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On Tue, Jul 8, 2014 at 8:37 AM, David Demelier <> wrote:

Le 08/07/2014 01:57, Leo Razoumov a écrit :

On 6/20/14, Luiz Henrique de Figueiredo <> wrote:
I'm sorry to see some of the math functions go.
A preview of my mathx library for 5.3 is availabe at

lmathx is not part of the standard distribution and cannot be expected
to be present in all Lua installations.
I am still flabbergasted by the Lua's developers decision to remove
some of the C89 math functions
like cosh, sinh, tanh, etc. Is it in order to shrink the size of a
statically linked Lua executable?


Yes, I don't understand neither. Sometimes I'm thinking about switching to a different scripting language but actually I didn't find something that could replace Lua.


I don't wish to argue that anyone is wrong, but I will attempt to make the case that these decisions are reasonable (not that they really need defending):

Whenever something is added to the language, it creates a "horizon problem." This is where you are elevated to a new position; one in which you can see new issues that arise from the introduction of the feature. For example, you add a simple random function and now it's not good enough for many people and they want/need something better. If none was offered, they would go find the one they need and be done with it and the absence would only be a minor inconvenience. Its presence means that someone might *replace* the existing one and cause a problem for a loaded module, or live with the provided one and be dissatisfied.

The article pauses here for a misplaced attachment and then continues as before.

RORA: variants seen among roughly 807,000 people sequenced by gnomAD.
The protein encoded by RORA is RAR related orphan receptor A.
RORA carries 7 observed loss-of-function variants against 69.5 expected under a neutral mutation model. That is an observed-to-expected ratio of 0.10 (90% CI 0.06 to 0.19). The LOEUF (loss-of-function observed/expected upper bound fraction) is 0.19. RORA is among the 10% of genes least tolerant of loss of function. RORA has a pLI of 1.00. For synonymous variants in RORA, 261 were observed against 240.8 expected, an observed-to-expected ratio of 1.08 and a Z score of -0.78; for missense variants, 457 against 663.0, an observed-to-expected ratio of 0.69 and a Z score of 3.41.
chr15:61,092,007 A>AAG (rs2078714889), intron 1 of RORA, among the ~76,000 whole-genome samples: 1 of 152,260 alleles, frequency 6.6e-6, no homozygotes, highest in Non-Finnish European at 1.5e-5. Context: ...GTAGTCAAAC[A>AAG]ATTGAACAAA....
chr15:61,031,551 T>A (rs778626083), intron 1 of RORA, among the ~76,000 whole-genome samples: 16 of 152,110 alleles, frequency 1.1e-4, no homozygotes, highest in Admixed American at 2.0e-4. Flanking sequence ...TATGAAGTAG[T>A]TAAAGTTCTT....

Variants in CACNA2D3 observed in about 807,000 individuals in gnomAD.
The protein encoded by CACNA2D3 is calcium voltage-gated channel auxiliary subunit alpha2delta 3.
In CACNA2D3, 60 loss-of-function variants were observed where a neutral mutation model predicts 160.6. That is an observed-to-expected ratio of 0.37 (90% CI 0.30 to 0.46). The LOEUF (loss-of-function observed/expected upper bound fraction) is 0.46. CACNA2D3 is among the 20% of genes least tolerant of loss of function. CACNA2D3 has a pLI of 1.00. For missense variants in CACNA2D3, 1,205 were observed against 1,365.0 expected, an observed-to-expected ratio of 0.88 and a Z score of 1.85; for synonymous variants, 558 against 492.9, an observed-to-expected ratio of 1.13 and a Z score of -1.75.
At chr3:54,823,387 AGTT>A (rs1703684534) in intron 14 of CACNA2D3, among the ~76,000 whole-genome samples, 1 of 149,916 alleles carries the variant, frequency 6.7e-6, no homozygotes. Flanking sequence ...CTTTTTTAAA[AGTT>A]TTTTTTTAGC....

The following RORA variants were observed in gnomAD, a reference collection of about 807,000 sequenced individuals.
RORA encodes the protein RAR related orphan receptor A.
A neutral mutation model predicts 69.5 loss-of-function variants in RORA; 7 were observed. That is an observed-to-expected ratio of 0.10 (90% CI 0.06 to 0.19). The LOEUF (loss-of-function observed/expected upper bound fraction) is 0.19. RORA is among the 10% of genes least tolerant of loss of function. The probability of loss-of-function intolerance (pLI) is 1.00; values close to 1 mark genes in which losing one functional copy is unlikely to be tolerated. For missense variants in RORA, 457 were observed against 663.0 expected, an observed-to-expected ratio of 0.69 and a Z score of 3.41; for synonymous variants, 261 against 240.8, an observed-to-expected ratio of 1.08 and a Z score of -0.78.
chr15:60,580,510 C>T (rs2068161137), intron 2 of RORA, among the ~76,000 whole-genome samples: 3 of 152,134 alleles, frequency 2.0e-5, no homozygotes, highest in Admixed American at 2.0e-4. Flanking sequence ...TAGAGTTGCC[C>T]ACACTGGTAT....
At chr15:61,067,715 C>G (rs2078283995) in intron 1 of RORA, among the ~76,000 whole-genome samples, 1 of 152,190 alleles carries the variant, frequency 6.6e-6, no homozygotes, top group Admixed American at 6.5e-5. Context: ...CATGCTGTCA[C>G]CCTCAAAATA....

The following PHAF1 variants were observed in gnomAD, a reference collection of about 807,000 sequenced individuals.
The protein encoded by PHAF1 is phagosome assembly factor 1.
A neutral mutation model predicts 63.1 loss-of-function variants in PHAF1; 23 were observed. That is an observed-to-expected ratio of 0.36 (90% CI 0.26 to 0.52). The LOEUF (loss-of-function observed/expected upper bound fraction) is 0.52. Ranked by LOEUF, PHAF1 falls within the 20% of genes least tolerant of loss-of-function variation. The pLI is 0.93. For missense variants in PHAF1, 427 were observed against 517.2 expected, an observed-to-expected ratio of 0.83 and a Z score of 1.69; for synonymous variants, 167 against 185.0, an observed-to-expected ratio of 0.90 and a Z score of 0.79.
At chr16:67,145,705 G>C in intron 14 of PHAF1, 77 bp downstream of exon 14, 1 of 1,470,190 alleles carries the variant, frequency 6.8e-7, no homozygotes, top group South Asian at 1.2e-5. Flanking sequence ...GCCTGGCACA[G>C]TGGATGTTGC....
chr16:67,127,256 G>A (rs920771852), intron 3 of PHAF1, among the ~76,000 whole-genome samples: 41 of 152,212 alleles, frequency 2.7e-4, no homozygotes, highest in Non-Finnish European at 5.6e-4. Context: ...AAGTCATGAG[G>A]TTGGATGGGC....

It also comes up with things that are serviceable, but have limited boundaries: utf8 looks like this. It does most of what you need, but not everything. Its presence highlights its limitations and reasonable people will have opinions about the right boundaries, etc.

Then there are *language* features that create opportunities between modules and can also create issues. If ipairs doesn't work with hidden tables and you have a sequence-like-object that a user of yours may want to use in a for loop, you don't have good options. You can export it, but that's ugly. You can provide a `len` field, ugly again. You can patch ipairs, but that won't make you any friends with people... and so Lua 5.2 adds __ipairs.

I am committing the sin of repetition and I'm doing it from a position of relative ignorance (to many on this list): Math is a convenience library, aka application specific library.  Loading the tools that you need at start up seems like a price to pay, and you can make an argument that it's reasonable, but only if there is a gain to doing so.

So, what is the gain? If perhaps 500 bytes of memory could be saved, would that be worth it? Almost certainly, no.What about the testing burden, in a C library (Lua) that prides itself on being relatively consistent on a crazy number of platforms?  Would 500 bytes matter, if you're running 1000 or 20,000 Lua states?  Perhaps these people remove the functions that they don't want and load a trimmed down Lua? 

Couldn't someone load a math library if they needed it?

These look like design decisions to me. They seem reasonable and overcome-able, even though each may slice it differently.